LANSING, Mich. — Legislation introduced in the Senate and House of Representatives on Wednesday would restore a second seat to the 25th Circuit Court in Marquette County.
The county is currently served by only one circuit court judge, after a second position was eliminated in 2017.
“It is past time that the busiest court in the Upper Peninsula have more than one judge to oversee the increasing number of legal cases in the county,” said Sen. Ed McBroom, R-Waucedah Township. “There simply is not enough time or resources for one person to manage such an immense workload. Restoring this position will also allow us to work with the Veterans Affairs personnel to create a Veterans and Mental Health Court in Marquette County.”
McBroom cited strong local support from the legal community and has received letters from numerous officials backing the legislation, including 25th Circuit Court Judge Jennifer Mazzuchi.
“We appreciate the support of Sen. McBroom and Rep. Cambensy in our effort to restore this position,” Mazzuchi said. “At the time of the 2011 legislation that eliminated the position, the average annual number of felony cases in the county was 224. This number has increased steadily in recent years, and in 2020, we had 471 new felony filings, an increase of more than 100%.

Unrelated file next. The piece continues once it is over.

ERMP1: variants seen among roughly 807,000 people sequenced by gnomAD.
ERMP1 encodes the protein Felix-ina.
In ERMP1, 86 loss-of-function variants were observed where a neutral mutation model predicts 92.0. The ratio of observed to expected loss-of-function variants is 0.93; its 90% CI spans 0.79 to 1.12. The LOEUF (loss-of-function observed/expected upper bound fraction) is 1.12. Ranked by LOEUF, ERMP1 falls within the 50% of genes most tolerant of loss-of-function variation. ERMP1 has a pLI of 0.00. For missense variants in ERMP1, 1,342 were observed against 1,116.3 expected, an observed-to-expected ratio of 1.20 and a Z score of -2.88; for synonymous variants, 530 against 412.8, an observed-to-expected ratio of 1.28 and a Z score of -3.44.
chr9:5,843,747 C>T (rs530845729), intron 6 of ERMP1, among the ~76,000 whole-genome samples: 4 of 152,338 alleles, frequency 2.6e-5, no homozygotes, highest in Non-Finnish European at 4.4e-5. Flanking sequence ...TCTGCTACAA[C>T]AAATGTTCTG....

“We also continue to handle domestic relations and other civil matters filed in the Circuit Court, and even with the assistance of the other three judges in Marquette County, the caseload is simply too much for one circuit judge. This volume of work can impact the public’s ability to have their cases heard promptly.”
Other local officials lending support include:
- 96th District Court Judges Karl Weber and Roger Kangas;
- Marquette County Probate Court Judge Cheryl Hill;
- Marquette County Board of Commissioners;
- Marquette County Prosecuting Attorney Matthew Wiese;
- Marquette County Department of Veterans Affairs; and
- Marquette Public Defender Patrick Crowley.
“By creating a new judgeship in Marquette County that can put our veterans first and also serve as a mental health court, we can streamline the enormous workload our largest U.P. county court has faced since losing a judge a few years back,” said Rep. Sara Cambensy, D-Marquette, who introduced House Bill 4656. “After studying the enormous burden that loss of judgeship has caused with our remaining judges, our prosecutors and elected leaders, I feel we are not only restoring the position with this legislation, but also making the court system more efficient in order to serve the people who need it. I look forward to working with Sen. McBroom to make this a priority and get it done.”
Senate Bill 356 was referred to the Senate Judiciary and Public Safety Committee for consideration.